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With a national climate full of blame, are educators still human?

humanity-education Sitting down for an impromptu meeting with one of the country’s largest education nonprofits, a small cluster of education reporters and leaders discussed how the upcoming education trend for 2014 won’t be some new tablet, but rather a focus on education’s lost humanity.

Walking through 30-degree weather, bundled against a cold that’s turned the country into one giant icicle, it was a warming experience meeting Brian Lewis, the International Society for Technology in Education’s (ISTE) CEO. “After this I’m hopping on the train to see my son,” Lewis said. “He’s a creative type and is going to perform some things from his YouTube channel tonight. He’s inspiring.”

Also inspiring was sitting down to a meeting that materialized into a conversation about how ISTE aims to refocus its mission and its branding to become a more “human” organization.

(Next page: The changing role of schools)

According to Lewis, ISTE, which was originally founded by a group of computer science educators from the University of Oregon, has three core components: the ISTE standards, the annual conference that draws tens of thousands of educators from around the world, and its community of what Lewis calls “energetic” members.

“Just like a lot of organizations and companies out there, we wanted to fix the lack of clarity about who we are and what we stand for,” he explained. “And we realized we’re not just an advocacy group, or a platform for information, we’re a community that supports educators. We want to have a lasting impact helping states, districts, schools, and individual educators across the spectrum.”

Lewis noted that it’s important to focus on the support ISTE offers interested educators, especially when the national climate focuses too much on placing blame on schools.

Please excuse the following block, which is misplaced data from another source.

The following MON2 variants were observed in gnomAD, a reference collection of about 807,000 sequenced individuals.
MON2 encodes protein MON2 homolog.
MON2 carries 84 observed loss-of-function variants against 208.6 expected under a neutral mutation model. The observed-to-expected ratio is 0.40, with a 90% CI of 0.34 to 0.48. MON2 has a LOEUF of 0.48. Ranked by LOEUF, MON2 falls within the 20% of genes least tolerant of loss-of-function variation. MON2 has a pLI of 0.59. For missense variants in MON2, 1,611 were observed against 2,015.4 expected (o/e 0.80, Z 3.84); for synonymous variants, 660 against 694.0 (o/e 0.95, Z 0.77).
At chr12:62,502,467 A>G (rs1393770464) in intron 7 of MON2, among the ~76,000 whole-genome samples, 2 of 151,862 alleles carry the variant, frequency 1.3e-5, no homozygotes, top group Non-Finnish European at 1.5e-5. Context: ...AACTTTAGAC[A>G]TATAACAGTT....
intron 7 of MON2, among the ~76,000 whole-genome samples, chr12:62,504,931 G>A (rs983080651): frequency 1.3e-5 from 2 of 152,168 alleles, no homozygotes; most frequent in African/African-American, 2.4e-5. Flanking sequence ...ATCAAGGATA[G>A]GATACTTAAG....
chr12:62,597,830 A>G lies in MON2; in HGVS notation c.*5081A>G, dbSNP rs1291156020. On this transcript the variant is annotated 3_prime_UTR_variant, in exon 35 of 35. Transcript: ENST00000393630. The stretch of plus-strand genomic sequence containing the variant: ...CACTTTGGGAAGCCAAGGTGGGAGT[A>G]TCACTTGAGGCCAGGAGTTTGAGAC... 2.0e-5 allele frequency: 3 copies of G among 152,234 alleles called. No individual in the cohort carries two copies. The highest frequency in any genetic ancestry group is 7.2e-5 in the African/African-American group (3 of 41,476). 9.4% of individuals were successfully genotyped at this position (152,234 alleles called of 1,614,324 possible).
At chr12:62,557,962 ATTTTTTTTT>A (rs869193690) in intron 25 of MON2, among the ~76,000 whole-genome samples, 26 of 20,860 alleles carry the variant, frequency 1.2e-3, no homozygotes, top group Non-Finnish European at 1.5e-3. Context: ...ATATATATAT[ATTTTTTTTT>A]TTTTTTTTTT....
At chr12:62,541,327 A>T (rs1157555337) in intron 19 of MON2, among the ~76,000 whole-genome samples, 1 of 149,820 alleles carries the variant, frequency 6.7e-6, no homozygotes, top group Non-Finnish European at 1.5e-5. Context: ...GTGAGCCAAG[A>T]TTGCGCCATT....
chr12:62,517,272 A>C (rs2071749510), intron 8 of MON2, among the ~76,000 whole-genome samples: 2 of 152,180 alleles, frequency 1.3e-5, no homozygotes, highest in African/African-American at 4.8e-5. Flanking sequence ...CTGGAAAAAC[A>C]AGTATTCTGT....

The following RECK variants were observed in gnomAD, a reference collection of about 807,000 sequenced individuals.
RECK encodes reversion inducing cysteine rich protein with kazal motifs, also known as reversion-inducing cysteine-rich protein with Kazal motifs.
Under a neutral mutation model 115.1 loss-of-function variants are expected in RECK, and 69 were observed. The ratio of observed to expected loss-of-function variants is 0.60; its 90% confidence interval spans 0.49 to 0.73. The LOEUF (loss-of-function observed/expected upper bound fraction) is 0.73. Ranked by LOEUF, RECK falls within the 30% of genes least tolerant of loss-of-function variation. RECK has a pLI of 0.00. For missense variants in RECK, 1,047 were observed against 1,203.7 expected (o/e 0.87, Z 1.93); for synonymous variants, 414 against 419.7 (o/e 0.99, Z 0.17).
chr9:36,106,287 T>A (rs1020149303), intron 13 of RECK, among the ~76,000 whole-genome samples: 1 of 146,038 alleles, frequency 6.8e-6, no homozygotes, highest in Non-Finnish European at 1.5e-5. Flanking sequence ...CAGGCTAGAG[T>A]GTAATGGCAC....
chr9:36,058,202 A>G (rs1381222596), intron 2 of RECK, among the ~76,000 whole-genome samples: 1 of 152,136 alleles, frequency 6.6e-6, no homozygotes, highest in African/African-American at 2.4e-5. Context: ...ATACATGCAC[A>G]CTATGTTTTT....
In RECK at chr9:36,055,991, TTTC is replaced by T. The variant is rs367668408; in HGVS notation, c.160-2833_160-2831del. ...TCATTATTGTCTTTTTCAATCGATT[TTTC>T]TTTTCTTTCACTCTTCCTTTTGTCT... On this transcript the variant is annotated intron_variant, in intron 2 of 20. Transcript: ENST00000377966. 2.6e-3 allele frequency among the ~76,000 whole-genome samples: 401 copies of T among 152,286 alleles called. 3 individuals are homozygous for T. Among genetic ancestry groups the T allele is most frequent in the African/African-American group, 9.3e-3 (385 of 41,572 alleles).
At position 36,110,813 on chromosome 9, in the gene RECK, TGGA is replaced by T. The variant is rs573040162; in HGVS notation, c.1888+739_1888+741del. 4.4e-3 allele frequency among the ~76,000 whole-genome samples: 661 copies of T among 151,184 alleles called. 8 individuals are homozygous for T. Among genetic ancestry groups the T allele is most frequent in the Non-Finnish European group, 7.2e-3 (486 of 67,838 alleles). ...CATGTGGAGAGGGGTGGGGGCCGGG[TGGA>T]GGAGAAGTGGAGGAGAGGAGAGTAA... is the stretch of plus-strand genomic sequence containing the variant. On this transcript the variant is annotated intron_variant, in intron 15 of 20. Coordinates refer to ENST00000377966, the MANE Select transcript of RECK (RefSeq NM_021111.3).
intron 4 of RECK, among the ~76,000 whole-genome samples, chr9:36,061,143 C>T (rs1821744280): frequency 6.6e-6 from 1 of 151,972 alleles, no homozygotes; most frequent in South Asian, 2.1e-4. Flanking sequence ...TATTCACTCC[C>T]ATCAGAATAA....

“In the last 50 years, the role schools have had to take on broadened exponentially,” he noted. “Schools are now in charge of everything, from practically raising a child to educating them for a constantly-changing future. Policy-wise and country support-wise, this shift hasn’t been recognized.”

He continued: “And though the community, parents, and the nation-at-large see schools as a machine to crank out certain results, it’s often forgotten that behind every school is a group of humans; a group of individuals who work every day, just like everyone else, and they need support.”

One way ISTE is offering support is by being an advocate for changes to the eRate, advocating for a timely response to the proposed changes that would increase the amount of broadband provided to schools.

ISTE also supports a number of bills in Congress that seek to provide schools and states with education technology funding.

Beyond advocacy, ISTE says it’s hearing from its members that the era of the “shiny new toy” is over, and effective implementation is going to be the focus of 2014.

According to Lewis, many of ISTE’s members are beginning to implement small pilots of different technologies or initiatives before buying or investing too heavily.